Sparks of Life: The Concept of Fire in Iron Working


  • Randi Barndon Department of Archaeology, University of Bergen



smiths, concepts of technology, fire and transformations, body metaphors, myths and sagas, ethnography and archaeology


The author discusses fire as a concept, with an emphasis on traditional iron working and its links with bodily based experiences played out as material metaphors as well as mental conceptions. In East African iron using communities, iron smelting was cloaked in secrecy, seclusion and gendered sexual connotations. An elaborate use of bodily based metaphors guided the use of magic and medicines and created moral laws during periods of smelting. The article will attempt to explain how concepts of fire were related to this. Some preliminary comparisons are made between Greek, Norse and African myths and legends about smiths and their role as 'masters of fire'. Finally, by drawing on case studies based on fieldwork among Fipa and Pangwa blacksmiths and former iron smelters, the author will explore the interconnections between concepts of fire, bodily based metaphors and metal production.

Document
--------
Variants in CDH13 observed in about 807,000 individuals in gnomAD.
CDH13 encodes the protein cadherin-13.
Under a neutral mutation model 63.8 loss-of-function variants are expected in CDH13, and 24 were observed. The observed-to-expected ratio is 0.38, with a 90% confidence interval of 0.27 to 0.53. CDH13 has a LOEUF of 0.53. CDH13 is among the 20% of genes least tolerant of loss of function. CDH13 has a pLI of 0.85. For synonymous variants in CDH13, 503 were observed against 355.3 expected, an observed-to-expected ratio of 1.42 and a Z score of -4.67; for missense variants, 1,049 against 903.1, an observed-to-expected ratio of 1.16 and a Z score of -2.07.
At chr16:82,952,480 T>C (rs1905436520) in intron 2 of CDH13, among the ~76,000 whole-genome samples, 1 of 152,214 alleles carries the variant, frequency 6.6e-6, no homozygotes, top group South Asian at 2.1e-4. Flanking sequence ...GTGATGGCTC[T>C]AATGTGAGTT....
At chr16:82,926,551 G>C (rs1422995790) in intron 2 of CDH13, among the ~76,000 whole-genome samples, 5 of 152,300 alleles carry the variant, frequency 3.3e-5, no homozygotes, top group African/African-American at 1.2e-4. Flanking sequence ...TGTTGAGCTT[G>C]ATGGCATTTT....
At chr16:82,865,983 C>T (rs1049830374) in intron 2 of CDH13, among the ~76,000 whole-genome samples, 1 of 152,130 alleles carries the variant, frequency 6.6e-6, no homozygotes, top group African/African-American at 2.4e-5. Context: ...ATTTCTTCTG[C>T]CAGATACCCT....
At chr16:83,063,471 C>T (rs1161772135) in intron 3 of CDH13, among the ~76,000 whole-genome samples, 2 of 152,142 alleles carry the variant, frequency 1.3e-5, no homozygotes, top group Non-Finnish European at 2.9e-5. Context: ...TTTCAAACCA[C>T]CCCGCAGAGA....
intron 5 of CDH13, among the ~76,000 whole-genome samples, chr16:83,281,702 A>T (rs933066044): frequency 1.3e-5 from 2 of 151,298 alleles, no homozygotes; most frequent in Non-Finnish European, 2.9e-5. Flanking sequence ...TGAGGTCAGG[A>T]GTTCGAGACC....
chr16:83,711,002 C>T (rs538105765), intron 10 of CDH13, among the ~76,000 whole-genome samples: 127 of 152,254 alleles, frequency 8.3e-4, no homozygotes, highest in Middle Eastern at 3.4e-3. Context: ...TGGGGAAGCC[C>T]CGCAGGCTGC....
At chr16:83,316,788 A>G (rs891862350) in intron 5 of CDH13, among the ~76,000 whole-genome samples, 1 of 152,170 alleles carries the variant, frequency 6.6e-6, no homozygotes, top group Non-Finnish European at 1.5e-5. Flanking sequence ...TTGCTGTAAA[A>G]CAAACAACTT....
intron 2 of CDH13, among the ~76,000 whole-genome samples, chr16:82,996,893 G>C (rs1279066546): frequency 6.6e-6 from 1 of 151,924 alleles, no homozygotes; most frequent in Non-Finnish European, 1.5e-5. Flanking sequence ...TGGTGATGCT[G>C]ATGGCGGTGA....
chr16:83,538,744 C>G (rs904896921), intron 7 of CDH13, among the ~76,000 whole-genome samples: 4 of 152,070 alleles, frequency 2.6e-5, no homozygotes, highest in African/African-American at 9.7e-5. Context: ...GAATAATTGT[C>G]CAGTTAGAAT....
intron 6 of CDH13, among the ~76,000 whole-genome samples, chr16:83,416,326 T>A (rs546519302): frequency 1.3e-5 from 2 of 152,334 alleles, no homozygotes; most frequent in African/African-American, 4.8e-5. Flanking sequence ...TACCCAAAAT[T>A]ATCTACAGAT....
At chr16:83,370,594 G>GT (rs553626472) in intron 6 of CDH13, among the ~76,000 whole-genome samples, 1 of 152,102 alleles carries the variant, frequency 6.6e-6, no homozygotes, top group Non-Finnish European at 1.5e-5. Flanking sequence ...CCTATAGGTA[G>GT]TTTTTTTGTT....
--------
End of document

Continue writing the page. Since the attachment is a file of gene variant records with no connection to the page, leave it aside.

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How to Cite

Barndon, R. (2005) “Sparks of Life: The Concept of Fire in Iron Working”, Current Swedish Archaeology, 13(1), pp. 39–57. doi: 10.37718/CSA.2005.03.



Research Articles